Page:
This should help you find a better end result for the sound after attempting to personalize it some.
More than enough battery life for daily use
Sennheiser claims these offer up to 7 hours of battery life on a single charge. And while I didn’t get quite that much out of them, I did manage to keep them pumping music into my ear holes for well over 6 hours.
Typically though I use these for about 3 hours at most. Then I toss them back into the charging case. Where they may sit until later in the day or until the next day.
The point is there’s plenty of battery life for daily use. While there are certainly going to be some people who may use their earbuds for more than 7 hours a day, most people probably won’t. I’ll use them when grocery shopping, or when I go on walks or runs, even when cleaning. But none of those things take me more than a few hours at most. And often much less time.
With an additional 13 hours of battery life in the case, you’ve won’t be having to charge these and the case fully for probably a week. There are earbuds that provide longer-lasting battery life, but I find it unnecessary as I’ve never used these like I normally would and found myself wishing I had just a little more time in them.
A minimal design that’s hard not to like
I’ll be honest. I do wish these were a little smaller than they are. But I suppose that’s the price you pay so to speak for the audio components that are inside.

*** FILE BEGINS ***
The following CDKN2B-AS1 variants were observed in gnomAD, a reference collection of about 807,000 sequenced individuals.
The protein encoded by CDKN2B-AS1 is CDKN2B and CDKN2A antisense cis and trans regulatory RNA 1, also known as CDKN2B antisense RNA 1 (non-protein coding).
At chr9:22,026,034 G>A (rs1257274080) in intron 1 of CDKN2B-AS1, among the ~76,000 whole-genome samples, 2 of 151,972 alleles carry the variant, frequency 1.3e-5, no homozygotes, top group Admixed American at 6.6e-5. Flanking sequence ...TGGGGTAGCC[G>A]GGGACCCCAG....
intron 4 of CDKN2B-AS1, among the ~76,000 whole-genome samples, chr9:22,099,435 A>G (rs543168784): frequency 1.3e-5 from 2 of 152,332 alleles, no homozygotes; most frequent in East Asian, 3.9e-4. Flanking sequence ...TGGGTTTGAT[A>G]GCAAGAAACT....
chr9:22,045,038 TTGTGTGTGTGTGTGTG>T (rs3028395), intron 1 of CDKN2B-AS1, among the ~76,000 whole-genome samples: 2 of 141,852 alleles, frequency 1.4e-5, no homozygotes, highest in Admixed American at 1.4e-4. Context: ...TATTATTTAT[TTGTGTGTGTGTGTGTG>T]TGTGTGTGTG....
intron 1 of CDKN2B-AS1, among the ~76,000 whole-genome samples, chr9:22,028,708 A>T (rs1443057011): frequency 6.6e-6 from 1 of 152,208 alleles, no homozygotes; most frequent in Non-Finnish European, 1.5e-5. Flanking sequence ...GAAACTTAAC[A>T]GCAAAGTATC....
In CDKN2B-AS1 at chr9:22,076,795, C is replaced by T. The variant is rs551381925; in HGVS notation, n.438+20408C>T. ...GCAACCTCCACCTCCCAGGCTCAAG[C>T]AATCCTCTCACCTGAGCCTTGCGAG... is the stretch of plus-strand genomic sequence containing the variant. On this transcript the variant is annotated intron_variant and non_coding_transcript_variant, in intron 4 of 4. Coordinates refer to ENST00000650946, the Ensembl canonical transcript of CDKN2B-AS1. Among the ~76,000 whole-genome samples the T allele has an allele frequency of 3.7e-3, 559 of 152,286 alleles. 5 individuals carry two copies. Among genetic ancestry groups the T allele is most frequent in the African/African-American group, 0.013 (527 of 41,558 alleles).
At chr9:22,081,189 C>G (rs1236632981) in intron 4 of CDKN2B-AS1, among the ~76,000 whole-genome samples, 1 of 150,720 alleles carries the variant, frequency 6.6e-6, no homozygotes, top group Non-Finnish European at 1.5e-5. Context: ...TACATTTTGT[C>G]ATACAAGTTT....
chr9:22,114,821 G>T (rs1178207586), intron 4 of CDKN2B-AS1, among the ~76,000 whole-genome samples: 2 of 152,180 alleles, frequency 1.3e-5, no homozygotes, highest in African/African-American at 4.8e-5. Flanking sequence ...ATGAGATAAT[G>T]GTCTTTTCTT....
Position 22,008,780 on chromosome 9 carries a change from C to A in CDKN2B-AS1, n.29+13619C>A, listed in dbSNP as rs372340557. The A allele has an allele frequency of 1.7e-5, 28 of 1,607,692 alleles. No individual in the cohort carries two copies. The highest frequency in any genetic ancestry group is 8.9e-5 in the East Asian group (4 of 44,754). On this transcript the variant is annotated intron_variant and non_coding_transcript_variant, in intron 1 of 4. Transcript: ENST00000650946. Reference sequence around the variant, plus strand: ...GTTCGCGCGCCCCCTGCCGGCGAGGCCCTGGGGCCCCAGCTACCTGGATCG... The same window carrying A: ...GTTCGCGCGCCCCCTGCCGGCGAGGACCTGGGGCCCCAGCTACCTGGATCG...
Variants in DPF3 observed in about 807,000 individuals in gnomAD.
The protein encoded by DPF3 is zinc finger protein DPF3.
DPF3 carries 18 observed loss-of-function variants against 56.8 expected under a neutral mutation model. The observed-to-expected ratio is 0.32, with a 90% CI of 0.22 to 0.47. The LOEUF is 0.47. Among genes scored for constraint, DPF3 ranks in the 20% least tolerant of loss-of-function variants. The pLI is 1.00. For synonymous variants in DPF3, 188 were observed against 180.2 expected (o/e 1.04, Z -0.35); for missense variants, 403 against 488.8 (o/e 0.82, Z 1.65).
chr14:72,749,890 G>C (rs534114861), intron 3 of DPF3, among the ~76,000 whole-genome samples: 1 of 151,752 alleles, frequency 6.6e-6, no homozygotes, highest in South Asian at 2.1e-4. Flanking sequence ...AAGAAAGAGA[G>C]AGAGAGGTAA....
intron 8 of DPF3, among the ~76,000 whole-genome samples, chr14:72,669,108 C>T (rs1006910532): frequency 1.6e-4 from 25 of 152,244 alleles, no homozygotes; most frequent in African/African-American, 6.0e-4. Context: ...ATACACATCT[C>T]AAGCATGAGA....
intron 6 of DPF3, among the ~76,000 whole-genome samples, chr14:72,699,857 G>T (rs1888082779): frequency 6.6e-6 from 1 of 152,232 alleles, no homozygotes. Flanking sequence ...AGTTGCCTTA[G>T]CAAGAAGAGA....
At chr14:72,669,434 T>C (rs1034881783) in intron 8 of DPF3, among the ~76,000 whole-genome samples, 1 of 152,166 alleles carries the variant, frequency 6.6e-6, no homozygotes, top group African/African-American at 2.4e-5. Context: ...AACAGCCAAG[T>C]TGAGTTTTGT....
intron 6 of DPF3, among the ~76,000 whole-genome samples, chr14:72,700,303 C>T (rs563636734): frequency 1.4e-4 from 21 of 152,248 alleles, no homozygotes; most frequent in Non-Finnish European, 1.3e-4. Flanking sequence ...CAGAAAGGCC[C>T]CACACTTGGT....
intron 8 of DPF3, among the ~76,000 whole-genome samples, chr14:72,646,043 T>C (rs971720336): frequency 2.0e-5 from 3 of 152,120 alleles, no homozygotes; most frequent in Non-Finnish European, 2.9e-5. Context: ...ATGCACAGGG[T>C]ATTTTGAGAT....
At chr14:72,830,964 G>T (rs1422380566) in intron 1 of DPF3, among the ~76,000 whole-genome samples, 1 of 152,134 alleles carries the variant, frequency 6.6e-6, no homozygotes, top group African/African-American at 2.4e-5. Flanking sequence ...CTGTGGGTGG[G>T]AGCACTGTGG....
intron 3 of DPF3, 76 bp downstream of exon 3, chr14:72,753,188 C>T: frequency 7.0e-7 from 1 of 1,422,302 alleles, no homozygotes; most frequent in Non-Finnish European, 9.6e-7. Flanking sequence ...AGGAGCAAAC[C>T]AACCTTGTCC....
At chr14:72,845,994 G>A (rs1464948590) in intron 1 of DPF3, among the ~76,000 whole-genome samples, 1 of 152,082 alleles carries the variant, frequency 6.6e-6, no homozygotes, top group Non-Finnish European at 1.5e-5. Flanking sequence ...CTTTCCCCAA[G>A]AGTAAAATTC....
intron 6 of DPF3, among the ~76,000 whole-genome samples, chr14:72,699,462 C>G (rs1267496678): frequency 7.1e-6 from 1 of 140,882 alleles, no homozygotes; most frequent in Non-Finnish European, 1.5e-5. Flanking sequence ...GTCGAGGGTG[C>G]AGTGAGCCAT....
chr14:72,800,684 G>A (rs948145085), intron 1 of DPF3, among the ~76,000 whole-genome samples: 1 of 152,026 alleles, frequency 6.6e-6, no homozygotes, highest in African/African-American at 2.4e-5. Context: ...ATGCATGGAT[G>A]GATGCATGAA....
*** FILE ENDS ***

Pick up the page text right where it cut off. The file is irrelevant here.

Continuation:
I imagine it’s hard to fit all of the tech inside that makes these sound as good as they do for the price that Sennheiser is asking. And if I’m bein even more honest, the size isn’t that bad. They are bigger than I’d like but they don’t really look massive in my ears.
Size aside the design is pretty minimal and that’s something I’ve found myself appreciating more and more since I got older. I still have a love for some noticeable flair in my tech. But these days I really love a more minimalist design and that’s what you get with the CX 400BT.
Whether you go with the black or white models, there’s nothing too loud or “look at me” going on. No outside-facing LEDs or RGB lights, no hard angles. Just simple and clean design.
These also have a pretty secure fit in the ear. I don’t think I ever had any issues with these falling out or jostling loose. So if you plan to use them on a run you shouldn’t have to worry about losing them.
Should you buy the Sennheiser CX 400BT?
There are a few good reasons why you should buy these, but the only reason that truly matters is that they sound exceptional.
Sennheiser knows audio very well. And before the CX 400BT were released, your only options for something from Sennheiser in the true wireless earbud market were the Momentum True Wireless and its successor, the Momentum True Wireless 2. Both of which would cost you $300.
While still expensive at $200, the CX 400BT bring the same premium audio experience for less at the cost of a few features. Features that for better or worse, still don’t take away from how good these sound no matter what you’re listening to.
So, should you buy these? Yes. The quality warrants the price, and if you’re willing to make a compromise to spend the money, you’ll be happy with these. If not, there are still other good options out there that sound good an won’t cost as much. But I wouldn’t look for anything above $100-$125 if you’re trying to save money.
Because anything above that and you might as well spend the extra cash and get these instead.